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Ce mois dans des antécédents medicaux - juin : le chef spécial

par Sean Ruck, Contributing Editor | June 03, 2010
This report originally appeared in the June 2010 issue of DOTmed Business News

In the United States, when people dine out, their main concerns are usually what they want to eat, price, location and maybe ambiance. Millions of people get their meals at restaurants, diners, bistros and fast food chains every day.

Rarely do people concern themselves with the safety of eating at a particular establishment. It's a testament to the Board of Health that there's a very low incidence of foodborne illness among those getting a bite. However, there are exceptions. The results can be as minor as a stomach ache, but for the more severe, the damage can be particularly tough to swallow.

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Possibly the most famous example of illness among the service industry occurred in the early 1900s. Although the number of victims (varying between 33 and 53 depending on the source, with three deaths) was relatively low in comparison to other instances of foodborne illness outbreaks, the vector was unique.

The outbreaks of typhoid among moderately well-off New Yorkers had one factor in common: Mary Mallon. Mallon was an Irish immigrant who was making a living as a cook. Unfortunately, instead of living her life in obscurity, she ended up living in infamy. Mary Mallon became well-known to citizens of that time and is even remembered today by the moniker "Typhoid Mary."

Mary arrived in America around 1884 at the age of 15. She found she had a knack for cooking. Being a cook was one of the better-paying professions for domestic help. It was also one of the few niche careers available to first-generation immigrants at the time. Her employers didn't realize the actual cost of hiring her.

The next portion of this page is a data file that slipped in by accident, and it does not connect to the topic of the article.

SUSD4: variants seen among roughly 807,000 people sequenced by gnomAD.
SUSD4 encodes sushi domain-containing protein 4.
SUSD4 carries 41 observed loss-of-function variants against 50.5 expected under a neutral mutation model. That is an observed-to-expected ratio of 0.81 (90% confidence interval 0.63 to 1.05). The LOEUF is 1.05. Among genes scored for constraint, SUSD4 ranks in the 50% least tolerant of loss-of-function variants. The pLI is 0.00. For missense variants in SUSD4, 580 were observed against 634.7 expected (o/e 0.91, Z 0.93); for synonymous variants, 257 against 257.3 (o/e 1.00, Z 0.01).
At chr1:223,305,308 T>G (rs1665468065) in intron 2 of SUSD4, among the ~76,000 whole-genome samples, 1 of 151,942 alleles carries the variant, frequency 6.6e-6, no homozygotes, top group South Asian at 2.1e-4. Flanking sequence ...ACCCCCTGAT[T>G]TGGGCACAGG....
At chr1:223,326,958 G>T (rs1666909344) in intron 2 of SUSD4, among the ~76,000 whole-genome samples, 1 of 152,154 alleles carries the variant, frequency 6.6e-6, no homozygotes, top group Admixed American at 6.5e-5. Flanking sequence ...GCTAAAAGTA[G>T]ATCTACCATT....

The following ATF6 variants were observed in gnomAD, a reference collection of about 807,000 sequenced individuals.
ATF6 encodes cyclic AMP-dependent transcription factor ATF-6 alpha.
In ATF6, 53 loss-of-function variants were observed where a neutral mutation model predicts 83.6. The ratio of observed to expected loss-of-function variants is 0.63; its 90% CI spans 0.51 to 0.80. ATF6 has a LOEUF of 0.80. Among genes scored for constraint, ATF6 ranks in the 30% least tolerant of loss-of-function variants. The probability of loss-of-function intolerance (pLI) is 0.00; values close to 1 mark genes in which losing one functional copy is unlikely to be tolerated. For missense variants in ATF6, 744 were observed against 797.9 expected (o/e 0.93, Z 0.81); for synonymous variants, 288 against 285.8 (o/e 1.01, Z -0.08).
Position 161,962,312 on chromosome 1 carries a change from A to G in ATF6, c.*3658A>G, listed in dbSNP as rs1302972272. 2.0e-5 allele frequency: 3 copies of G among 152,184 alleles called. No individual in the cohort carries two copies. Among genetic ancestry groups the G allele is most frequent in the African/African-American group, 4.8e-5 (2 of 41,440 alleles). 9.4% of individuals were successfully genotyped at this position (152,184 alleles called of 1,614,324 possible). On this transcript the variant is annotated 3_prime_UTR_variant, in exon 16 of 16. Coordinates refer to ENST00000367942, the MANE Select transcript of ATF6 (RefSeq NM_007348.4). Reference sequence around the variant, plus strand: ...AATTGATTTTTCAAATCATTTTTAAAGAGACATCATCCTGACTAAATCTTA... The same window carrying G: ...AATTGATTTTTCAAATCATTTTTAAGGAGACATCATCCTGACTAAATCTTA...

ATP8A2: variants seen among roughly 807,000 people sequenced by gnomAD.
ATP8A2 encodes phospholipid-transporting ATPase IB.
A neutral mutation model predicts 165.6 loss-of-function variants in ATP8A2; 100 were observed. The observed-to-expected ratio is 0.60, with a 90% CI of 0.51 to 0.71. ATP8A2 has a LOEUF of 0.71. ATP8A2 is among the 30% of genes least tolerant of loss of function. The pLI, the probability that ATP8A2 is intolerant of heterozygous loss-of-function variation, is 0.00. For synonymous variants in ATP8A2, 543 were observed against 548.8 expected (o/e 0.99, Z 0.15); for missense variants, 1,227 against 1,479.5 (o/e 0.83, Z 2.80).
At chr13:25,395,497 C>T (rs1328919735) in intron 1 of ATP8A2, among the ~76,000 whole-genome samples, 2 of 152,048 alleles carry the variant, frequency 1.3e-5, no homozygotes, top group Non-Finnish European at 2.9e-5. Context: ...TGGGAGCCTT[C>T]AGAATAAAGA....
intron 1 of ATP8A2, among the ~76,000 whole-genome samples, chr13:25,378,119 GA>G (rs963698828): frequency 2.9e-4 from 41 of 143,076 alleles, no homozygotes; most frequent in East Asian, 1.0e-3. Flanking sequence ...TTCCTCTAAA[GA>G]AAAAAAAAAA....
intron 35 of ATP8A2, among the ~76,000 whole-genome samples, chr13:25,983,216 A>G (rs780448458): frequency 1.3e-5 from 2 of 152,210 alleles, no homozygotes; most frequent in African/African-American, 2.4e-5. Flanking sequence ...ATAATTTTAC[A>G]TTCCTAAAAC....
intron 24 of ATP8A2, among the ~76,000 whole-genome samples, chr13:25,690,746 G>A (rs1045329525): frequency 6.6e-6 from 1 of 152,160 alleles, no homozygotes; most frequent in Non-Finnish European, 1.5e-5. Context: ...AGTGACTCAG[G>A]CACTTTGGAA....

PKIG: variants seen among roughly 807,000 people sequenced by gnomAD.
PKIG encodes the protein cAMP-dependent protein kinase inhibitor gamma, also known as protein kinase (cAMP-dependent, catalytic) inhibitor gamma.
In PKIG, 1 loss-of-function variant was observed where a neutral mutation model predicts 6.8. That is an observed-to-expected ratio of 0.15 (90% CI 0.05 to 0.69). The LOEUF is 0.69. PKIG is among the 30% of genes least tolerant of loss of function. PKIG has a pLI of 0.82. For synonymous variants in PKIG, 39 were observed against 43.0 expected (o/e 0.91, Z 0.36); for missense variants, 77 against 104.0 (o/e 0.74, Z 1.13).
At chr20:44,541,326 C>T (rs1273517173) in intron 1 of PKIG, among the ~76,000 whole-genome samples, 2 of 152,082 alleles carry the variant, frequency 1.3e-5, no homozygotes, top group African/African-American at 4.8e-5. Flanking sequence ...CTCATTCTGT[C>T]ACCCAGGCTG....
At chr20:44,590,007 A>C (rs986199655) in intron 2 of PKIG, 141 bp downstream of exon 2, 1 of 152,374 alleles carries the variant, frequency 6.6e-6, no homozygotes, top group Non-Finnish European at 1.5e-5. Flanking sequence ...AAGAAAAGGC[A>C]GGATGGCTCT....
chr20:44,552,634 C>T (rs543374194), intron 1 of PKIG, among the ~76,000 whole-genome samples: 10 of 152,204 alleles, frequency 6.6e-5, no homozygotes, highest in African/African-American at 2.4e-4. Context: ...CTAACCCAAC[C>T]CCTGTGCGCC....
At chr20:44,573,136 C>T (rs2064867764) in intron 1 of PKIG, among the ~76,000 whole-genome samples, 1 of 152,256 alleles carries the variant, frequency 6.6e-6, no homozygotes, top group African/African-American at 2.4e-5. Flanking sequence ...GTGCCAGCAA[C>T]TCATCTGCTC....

In the summer of 1906, six of the 11 members of the Warren family contracted typhoid. Charles Henry Warren, the family patriarch, was a wealthy banker who rented a house on Oyster Bay, Long Island for a family vacation. After the outbreak, the home's owner, George Thompson, knew he would encounter difficulty renting the house again unless the cause of the typhoid outbreak was uncovered.

It was already known at that time that typhoid was introduced through contaminated food and water, but an investigation yielded no clues.

It wasn't until Thompson hired George Soper, a civil engineer with experience dealing with typhoid outbreaks, that the mystery was revealed. Soper deduced the missing piece of the puzzle was the missing cook - Mallon had moved onto other jobs before he became involved. Upon further research, Soper discovered Mary had worked for seven employers between 1900 and 1907. At least 22 individuals linked to Mallon through those jobs had come down with typhoid, including one young girl who died from the illness.